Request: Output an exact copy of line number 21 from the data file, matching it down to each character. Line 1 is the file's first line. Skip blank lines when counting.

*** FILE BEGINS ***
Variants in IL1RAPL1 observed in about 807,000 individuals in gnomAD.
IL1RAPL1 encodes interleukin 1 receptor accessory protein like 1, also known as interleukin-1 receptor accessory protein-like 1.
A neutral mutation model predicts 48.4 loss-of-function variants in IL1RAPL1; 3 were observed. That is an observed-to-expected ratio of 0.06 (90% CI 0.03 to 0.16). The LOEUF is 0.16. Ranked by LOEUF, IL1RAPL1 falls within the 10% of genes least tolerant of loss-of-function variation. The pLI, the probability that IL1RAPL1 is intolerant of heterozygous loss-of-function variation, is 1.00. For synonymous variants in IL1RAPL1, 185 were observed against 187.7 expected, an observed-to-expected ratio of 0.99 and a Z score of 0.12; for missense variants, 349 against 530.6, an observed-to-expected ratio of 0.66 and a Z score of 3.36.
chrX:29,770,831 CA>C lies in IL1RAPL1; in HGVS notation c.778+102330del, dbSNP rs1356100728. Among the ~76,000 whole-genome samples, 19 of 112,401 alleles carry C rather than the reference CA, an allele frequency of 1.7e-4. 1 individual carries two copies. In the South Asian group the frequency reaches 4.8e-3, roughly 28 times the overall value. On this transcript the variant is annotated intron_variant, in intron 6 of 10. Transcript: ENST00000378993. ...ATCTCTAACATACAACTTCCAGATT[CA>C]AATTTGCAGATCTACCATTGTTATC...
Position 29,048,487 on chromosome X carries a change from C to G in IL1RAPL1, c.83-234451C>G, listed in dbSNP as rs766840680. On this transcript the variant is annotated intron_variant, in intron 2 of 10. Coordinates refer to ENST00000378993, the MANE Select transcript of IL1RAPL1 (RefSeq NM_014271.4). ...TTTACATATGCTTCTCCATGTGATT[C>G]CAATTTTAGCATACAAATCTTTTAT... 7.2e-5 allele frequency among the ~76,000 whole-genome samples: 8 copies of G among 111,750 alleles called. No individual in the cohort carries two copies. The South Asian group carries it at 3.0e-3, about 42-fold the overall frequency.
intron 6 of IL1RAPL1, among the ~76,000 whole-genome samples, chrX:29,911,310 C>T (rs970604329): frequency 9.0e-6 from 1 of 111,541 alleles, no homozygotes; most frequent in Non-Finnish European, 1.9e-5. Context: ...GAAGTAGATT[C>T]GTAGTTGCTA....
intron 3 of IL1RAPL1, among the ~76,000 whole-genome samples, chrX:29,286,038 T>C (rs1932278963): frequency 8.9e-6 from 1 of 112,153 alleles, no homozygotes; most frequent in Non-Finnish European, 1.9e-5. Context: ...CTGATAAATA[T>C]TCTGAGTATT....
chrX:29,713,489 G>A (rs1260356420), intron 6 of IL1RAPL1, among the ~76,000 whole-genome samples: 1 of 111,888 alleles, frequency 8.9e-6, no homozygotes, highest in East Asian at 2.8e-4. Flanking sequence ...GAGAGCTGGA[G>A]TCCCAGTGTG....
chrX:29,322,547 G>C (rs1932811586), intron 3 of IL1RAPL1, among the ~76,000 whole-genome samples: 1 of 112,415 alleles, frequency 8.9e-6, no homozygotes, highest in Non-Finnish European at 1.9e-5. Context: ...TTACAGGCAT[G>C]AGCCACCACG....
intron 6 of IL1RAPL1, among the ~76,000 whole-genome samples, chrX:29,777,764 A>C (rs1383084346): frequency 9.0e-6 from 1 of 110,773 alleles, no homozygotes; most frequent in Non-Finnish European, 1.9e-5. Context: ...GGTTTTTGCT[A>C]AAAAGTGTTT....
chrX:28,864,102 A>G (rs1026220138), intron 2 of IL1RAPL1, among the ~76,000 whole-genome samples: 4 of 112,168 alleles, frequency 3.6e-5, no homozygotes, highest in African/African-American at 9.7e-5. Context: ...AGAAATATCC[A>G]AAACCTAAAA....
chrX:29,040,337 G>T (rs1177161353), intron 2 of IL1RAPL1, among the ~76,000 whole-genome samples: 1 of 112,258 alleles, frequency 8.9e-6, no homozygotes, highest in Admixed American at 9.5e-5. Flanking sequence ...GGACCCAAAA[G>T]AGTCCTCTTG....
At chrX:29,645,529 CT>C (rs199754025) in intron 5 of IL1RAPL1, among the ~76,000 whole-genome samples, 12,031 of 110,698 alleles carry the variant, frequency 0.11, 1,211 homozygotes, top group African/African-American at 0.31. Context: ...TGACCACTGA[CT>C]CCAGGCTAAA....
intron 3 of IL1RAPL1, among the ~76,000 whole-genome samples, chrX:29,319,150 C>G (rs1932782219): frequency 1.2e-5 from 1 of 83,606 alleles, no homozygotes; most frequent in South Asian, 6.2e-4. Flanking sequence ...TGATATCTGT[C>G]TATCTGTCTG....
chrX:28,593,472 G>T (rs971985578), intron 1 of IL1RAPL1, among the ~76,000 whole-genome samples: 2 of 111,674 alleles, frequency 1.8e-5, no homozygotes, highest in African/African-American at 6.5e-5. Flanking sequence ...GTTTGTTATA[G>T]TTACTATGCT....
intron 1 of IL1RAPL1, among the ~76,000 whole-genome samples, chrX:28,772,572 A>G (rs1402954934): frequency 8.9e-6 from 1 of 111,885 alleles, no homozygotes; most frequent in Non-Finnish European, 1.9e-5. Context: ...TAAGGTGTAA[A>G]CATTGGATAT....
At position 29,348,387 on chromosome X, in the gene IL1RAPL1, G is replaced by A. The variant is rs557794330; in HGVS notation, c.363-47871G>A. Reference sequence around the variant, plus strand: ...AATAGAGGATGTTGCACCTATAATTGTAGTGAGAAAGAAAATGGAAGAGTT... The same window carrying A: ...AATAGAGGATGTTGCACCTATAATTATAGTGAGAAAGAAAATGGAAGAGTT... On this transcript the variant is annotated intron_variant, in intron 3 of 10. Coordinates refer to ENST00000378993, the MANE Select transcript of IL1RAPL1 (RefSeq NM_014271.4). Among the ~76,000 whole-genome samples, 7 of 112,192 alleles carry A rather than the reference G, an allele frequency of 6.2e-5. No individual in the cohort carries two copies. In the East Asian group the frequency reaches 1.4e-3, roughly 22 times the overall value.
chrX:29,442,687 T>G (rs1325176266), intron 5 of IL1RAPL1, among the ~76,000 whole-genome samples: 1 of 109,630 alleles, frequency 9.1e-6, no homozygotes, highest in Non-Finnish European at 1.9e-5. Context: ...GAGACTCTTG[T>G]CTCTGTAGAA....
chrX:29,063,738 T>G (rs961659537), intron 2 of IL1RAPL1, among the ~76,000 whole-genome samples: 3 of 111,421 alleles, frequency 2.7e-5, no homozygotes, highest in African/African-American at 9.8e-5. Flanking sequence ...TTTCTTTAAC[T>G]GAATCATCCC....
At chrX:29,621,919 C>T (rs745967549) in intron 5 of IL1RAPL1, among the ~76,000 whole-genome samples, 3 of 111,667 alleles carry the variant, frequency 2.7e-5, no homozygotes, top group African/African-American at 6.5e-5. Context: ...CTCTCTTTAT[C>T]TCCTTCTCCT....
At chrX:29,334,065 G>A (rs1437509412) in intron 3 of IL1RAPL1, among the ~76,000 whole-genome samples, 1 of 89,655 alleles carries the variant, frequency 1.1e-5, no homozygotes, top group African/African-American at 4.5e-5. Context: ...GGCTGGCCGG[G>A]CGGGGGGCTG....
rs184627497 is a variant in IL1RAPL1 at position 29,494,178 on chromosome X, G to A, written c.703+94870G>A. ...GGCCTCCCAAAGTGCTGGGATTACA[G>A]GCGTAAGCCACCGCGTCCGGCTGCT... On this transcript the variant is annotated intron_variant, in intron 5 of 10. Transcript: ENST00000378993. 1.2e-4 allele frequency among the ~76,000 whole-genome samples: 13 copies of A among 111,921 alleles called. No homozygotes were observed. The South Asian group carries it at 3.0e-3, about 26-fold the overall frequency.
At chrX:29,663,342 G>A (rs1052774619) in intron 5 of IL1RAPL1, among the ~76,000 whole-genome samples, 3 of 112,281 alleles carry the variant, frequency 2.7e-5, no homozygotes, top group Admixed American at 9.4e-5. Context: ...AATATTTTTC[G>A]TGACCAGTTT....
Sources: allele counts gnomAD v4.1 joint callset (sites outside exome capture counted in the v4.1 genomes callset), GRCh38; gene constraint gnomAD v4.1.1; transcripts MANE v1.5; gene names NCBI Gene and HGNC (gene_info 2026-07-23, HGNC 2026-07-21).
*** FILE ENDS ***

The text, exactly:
At chrX:29,334,065 G>A (rs1437509412) in intron 3 of IL1RAPL1, among the ~76,000 whole-genome samples, 1 of 89,655 alleles carries the variant, frequency 1.1e-5, no homozygotes, top group African/African-American at 4.5e-5. Context: ...GGCTGGCCGG[G>A]CGGGGGGCTG....